Waterfowl hunting is traditionally a winter sport, but goose hunters in Arkansas will have an extra three months to hunt "light geese" (snow geese, blue geese and Ross's geese). A special snow goose conservation season opened on Feb. 2 and extends through April 30.
"Technically, this isn't a special hunting season but a conservation order instead," said Andrew James, waterfowl biologist for the Arkansas Game and Fish Commission. "Whatever you want to call it, the regulations are relaxed because it's important that hunters be allowed to harvest as many snow geese as they can. There's no daily bag or possession limit on light geese during the conservation order, guns do not have to be plugged, electronic calls can be used and shooting hours have been extended to a half hour before and after sunset," he explained.
According to Alice Browning, head of the commission's license section, nonresident hunters do not need Arkansas nonresident licenses to hunt snow geese during the extended season framework. "Beginning Feb. 2, the only requirements for hunting are a valid hunting license, either from Arkansas or from the hunter's state of residence, and a special snow goose registration number," said Browning. She said hunters may obtain registration numbers free of charge by calling the AGFC at 1-800-364-4263 between 8 a.m. and 4:30 p.m. Monday through Friday. Hunters should have available their hunting license number, address and phone number when they call. No duck stamps are required to hunt under the conservation order.
James said the special snow goose conservation season was initiated several years ago and continues this year in an effort to reduce the snow goose population by 50 percent from present levels. Snow goose numbers have expanded more than 300 percent in the last three decades to a current population of approximately 6 million.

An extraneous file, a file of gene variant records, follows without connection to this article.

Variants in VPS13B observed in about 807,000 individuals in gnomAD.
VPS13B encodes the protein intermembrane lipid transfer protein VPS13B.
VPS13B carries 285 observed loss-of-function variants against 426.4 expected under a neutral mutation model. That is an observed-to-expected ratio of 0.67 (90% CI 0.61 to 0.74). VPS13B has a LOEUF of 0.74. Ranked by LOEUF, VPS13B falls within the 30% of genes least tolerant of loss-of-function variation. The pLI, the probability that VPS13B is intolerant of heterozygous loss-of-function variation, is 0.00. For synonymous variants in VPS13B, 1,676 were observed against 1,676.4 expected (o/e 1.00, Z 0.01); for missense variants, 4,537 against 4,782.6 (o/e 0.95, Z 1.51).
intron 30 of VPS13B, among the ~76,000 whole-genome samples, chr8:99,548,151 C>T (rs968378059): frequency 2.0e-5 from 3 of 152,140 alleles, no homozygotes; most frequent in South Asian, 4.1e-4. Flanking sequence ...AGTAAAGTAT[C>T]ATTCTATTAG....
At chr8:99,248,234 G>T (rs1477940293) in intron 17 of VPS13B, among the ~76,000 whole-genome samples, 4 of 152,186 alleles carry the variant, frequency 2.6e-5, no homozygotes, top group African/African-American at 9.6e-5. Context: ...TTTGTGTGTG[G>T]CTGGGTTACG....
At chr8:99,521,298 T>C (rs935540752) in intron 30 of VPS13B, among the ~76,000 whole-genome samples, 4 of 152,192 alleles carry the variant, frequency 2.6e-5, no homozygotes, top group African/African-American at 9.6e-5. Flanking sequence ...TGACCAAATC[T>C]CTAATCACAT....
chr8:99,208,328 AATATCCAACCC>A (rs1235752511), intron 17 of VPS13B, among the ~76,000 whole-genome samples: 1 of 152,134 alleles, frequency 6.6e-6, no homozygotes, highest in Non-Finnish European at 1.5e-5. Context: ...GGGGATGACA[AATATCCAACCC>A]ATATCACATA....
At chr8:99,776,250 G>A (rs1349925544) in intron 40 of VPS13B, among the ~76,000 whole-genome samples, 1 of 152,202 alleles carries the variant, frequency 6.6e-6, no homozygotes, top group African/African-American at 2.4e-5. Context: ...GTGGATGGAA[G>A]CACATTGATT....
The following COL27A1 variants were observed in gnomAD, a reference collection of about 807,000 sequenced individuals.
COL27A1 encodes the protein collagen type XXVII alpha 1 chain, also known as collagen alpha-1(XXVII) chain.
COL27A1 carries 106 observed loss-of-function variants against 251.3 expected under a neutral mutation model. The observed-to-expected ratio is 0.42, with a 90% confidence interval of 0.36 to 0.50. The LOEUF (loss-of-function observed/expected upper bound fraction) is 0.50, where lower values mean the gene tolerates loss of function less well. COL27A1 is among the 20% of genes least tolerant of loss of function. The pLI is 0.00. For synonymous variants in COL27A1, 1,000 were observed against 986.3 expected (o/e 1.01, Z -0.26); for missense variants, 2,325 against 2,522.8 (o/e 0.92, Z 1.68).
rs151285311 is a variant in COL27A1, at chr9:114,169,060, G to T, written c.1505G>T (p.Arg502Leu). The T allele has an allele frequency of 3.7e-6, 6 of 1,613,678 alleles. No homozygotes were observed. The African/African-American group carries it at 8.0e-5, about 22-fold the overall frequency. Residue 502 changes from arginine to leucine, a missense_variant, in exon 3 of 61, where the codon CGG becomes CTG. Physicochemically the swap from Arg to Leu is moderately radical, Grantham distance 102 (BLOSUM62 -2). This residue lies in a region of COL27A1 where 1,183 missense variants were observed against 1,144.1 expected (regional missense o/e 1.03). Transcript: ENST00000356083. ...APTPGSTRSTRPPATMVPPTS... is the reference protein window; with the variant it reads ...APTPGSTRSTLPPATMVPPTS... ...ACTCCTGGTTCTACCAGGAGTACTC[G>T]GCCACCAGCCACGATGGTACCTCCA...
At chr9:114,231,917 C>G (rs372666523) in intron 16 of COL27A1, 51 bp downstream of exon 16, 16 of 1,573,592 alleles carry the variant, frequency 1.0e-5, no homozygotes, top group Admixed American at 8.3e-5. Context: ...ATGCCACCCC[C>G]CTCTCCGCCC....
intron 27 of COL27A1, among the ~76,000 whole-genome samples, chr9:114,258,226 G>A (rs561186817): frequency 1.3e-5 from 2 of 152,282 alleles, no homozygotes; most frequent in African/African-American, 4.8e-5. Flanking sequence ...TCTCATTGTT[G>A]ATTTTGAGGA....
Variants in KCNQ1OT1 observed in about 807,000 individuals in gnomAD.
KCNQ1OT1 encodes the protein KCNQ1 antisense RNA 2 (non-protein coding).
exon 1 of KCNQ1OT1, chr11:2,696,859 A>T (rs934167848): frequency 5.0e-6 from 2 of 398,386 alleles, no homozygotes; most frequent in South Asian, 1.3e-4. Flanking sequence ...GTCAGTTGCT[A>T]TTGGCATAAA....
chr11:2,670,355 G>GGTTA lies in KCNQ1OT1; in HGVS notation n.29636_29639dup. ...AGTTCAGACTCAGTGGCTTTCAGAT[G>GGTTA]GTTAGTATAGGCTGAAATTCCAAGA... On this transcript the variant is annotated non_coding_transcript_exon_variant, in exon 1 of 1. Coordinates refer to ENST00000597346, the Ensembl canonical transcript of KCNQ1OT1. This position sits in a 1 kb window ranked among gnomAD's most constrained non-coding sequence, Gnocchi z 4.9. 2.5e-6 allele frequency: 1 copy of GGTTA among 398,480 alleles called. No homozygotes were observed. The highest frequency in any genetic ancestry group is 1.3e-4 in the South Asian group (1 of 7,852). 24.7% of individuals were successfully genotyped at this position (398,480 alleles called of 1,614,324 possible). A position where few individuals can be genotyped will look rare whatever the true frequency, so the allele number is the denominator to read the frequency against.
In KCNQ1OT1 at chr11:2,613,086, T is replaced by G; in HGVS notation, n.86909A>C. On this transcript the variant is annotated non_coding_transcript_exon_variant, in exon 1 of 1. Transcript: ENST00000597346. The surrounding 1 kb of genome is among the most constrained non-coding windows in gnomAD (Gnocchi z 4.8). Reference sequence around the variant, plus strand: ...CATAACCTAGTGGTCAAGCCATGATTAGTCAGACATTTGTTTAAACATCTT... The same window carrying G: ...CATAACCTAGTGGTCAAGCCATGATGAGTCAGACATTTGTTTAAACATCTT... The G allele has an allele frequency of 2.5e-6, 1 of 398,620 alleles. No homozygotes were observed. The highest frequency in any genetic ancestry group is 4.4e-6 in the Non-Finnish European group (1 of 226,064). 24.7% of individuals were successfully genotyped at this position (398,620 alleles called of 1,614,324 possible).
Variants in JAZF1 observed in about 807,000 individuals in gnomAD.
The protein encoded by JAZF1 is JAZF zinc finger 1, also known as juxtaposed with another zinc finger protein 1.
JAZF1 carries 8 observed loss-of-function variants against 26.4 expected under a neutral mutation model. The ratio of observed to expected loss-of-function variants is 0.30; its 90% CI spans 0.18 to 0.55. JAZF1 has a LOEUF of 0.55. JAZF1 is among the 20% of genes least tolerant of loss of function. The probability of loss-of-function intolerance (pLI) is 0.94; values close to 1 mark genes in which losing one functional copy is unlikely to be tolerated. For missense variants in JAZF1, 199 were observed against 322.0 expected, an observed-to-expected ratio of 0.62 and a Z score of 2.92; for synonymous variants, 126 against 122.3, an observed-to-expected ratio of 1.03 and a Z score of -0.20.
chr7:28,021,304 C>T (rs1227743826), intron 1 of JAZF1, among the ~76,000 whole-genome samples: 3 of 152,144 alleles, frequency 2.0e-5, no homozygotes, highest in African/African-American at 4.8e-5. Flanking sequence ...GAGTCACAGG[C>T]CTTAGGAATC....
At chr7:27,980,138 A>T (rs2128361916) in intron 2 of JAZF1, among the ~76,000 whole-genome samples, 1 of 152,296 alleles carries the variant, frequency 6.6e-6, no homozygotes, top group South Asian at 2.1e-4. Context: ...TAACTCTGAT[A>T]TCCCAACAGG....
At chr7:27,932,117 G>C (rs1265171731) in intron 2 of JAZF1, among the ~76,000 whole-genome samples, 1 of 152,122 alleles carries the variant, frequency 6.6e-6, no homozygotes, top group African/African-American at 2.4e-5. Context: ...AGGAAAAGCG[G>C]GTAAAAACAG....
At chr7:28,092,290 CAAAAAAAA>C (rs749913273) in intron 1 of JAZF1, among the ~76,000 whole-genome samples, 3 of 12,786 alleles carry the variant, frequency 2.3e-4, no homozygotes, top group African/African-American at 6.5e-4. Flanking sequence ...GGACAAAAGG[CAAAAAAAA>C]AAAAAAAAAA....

"Snow geese overwinter survival rates have increased in response to more favorable feeding conditions on the southern wintering grounds," explained James. "They've increased to the point that they're damaging their nesting habitat in the sub-Arctic and Arctic tundra salt marshes, posing a serious threat to the long-term health of the Arctic ecosystem and its associated wildlife communities. The conservation order, with its relaxed harvest regulations, is an attempt to reduce the population to a more healthy level by allowing hunters the opportunity to harvest more geese."
So far, hunters are taking advantage of the extended hunting opportunity and have taken a surprising number of snow geese in the years since the conservation season began. Waterfowl biologists believe that if that harvest level can be maintained each year until 2005, the snow goose population will be reduced by half, thus reaching a desired population level that won't further damage the fragile tundra nesting habitat.
"This is a unique situation for modern-day waterfowl hunters," says James. "For most species like mallards, Canada geese and pintails, the objective is to limit the harvest to protect the species. With snow geese, the objective is to maximize the harvest, and for exactly the same reason -- to protect the species and other species associated with Arctic tundra habitat," he added.